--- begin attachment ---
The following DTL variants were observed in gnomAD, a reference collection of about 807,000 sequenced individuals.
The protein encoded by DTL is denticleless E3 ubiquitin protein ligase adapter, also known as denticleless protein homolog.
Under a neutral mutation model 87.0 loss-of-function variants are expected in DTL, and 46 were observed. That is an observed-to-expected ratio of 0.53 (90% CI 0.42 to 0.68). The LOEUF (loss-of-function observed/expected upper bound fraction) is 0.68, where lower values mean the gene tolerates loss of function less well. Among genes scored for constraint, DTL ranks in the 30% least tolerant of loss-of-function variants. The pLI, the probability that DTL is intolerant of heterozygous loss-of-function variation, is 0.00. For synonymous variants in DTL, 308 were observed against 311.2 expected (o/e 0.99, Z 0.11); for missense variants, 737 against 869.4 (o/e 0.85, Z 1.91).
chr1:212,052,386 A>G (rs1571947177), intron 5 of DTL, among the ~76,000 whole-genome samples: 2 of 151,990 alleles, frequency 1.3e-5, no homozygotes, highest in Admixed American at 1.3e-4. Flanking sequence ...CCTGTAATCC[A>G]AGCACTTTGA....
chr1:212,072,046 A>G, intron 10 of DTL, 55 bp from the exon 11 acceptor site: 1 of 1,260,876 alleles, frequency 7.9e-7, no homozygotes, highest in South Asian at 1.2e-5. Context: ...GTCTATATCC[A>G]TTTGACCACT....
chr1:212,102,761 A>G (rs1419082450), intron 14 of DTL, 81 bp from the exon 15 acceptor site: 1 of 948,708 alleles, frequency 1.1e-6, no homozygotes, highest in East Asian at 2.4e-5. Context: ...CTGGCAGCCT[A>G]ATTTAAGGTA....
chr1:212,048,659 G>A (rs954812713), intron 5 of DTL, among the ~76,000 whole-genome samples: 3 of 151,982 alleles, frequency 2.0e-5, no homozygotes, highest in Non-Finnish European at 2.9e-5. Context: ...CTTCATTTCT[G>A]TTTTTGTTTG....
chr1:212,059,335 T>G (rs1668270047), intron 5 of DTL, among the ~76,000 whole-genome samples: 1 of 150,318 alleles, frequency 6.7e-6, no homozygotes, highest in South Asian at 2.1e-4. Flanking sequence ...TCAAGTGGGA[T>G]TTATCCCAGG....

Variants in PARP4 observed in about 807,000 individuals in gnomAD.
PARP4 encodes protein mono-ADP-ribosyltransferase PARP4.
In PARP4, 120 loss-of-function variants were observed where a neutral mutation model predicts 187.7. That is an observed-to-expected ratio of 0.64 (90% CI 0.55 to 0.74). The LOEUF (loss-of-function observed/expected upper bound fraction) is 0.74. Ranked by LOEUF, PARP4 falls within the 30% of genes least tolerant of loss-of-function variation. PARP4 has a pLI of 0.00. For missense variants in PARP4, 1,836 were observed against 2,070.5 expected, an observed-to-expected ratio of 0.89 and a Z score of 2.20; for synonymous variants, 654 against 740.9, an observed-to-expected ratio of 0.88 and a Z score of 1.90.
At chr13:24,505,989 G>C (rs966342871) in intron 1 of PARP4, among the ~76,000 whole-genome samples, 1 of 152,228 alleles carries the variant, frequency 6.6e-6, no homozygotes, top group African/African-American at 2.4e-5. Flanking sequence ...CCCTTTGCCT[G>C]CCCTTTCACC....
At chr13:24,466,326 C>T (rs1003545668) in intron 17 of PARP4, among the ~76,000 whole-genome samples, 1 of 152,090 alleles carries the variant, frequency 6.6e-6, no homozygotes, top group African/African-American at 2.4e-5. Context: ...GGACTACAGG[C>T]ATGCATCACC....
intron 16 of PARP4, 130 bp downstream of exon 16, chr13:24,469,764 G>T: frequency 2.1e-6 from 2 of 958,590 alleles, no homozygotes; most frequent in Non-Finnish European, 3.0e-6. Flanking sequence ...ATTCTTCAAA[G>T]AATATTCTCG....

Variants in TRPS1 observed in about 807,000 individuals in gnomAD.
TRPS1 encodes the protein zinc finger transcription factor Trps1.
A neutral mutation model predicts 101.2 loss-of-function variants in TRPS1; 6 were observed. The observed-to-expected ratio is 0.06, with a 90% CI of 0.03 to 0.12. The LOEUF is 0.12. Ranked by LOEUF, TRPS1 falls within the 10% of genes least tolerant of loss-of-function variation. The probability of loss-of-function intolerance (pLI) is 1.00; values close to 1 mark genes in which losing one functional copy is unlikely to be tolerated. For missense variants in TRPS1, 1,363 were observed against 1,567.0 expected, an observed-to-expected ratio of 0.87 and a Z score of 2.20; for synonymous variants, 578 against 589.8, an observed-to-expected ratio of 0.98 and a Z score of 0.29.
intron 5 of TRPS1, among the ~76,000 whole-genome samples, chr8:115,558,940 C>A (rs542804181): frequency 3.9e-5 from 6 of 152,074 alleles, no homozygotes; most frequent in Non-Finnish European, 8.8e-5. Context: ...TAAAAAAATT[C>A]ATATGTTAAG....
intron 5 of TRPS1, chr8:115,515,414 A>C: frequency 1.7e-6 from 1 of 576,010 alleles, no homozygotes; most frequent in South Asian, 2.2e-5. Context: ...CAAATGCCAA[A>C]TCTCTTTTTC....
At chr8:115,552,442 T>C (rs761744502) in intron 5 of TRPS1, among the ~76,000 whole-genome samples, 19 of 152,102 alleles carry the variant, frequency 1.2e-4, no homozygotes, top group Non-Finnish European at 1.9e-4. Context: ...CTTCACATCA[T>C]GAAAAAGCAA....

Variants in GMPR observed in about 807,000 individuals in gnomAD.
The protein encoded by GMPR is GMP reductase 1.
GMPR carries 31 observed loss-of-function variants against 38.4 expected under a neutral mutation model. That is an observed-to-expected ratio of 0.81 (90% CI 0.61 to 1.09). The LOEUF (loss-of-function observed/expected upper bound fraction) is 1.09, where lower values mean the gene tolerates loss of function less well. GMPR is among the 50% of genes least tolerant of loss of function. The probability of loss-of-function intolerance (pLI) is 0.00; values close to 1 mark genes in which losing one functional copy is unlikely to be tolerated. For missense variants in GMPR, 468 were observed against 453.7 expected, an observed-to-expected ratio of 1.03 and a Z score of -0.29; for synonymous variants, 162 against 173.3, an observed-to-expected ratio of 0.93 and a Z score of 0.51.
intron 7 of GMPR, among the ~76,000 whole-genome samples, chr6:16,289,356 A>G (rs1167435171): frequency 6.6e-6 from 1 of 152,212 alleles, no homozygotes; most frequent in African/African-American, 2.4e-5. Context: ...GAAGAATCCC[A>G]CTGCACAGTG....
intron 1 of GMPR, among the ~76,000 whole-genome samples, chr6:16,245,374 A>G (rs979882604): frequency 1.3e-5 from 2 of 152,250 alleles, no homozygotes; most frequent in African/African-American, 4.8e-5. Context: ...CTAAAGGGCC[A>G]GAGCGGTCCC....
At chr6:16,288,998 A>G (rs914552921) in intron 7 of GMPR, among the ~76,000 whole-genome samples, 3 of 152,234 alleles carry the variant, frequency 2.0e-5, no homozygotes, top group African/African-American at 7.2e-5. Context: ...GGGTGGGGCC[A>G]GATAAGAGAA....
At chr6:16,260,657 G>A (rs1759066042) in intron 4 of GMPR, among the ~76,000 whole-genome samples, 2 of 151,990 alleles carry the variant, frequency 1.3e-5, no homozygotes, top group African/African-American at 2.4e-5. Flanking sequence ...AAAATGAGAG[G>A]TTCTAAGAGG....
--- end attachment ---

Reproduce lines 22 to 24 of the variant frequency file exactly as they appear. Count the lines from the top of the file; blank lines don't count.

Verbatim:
The protein encoded by GMPR is GMP reductase 1.
GMPR carries 31 observed loss-of-function variants against 38.4 expected under a neutral mutation model. That is an observed-to-expected ratio of 0.81 (90% CI 0.61 to 1.09). The LOEUF (loss-of-function observed/expected upper bound fraction) is 1.09, where lower values mean the gene tolerates loss of function less well. GMPR is among the 50% of genes least tolerant of loss of function. The probability of loss-of-function intolerance (pLI) is 0.00; values close to 1 mark genes in which losing one functional copy is unlikely to be tolerated. For missense variants in GMPR, 468 were observed against 453.7 expected, an observed-to-expected ratio of 1.03 and a Z score of -0.29; for synonymous variants, 162 against 173.3, an observed-to-expected ratio of 0.93 and a Z score of 0.51.
intron 7 of GMPR, among the ~76,000 whole-genome samples, chr6:16,289,356 A>G (rs1167435171): frequency 6.6e-6 from 1 of 152,212 alleles, no homozygotes; most frequent in African/African-American, 2.4e-5. Context: ...GAAGAATCCC[A>G]CTGCACAGTG....